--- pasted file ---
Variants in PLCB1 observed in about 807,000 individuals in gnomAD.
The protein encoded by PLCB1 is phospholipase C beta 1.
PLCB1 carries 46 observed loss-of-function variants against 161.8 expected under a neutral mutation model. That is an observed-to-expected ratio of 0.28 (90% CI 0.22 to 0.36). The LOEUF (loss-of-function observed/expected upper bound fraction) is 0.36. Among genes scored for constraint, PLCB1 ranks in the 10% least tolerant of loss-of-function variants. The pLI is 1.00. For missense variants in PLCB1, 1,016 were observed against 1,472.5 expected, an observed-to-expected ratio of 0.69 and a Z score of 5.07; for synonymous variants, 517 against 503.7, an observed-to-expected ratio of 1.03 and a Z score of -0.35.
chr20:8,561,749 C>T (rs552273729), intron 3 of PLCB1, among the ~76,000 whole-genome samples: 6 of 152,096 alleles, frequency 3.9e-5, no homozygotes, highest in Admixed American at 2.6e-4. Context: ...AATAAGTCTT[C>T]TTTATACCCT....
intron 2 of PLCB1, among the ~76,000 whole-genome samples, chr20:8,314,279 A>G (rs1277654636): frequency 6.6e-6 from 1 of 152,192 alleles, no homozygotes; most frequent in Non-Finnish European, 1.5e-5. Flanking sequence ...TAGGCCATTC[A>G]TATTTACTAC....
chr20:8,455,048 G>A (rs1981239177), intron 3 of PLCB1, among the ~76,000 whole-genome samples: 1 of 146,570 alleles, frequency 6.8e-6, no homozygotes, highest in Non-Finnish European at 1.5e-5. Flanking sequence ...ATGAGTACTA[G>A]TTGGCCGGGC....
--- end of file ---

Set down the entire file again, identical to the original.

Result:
Variants in PLCB1 observed in about 807,000 individuals in gnomAD.
The protein encoded by PLCB1 is phospholipase C beta 1.
PLCB1 carries 46 observed loss-of-function variants against 161.8 expected under a neutral mutation model. That is an observed-to-expected ratio of 0.28 (90% CI 0.22 to 0.36). The LOEUF (loss-of-function observed/expected upper bound fraction) is 0.36. Among genes scored for constraint, PLCB1 ranks in the 10% least tolerant of loss-of-function variants. The pLI is 1.00. For missense variants in PLCB1, 1,016 were observed against 1,472.5 expected, an observed-to-expected ratio of 0.69 and a Z score of 5.07; for synonymous variants, 517 against 503.7, an observed-to-expected ratio of 1.03 and a Z score of -0.35.
chr20:8,561,749 C>T (rs552273729), intron 3 of PLCB1, among the ~76,000 whole-genome samples: 6 of 152,096 alleles, frequency 3.9e-5, no homozygotes, highest in Admixed American at 2.6e-4. Context: ...AATAAGTCTT[C>T]TTTATACCCT....
intron 2 of PLCB1, among the ~76,000 whole-genome samples, chr20:8,314,279 A>G (rs1277654636): frequency 6.6e-6 from 1 of 152,192 alleles, no homozygotes; most frequent in Non-Finnish European, 1.5e-5. Flanking sequence ...TAGGCCATTC[A>G]TATTTACTAC....
chr20:8,455,048 G>A (rs1981239177), intron 3 of PLCB1, among the ~76,000 whole-genome samples: 1 of 146,570 alleles, frequency 6.8e-6, no homozygotes, highest in Non-Finnish European at 1.5e-5. Flanking sequence ...ATGAGTACTA[G>A]TTGGCCGGGC....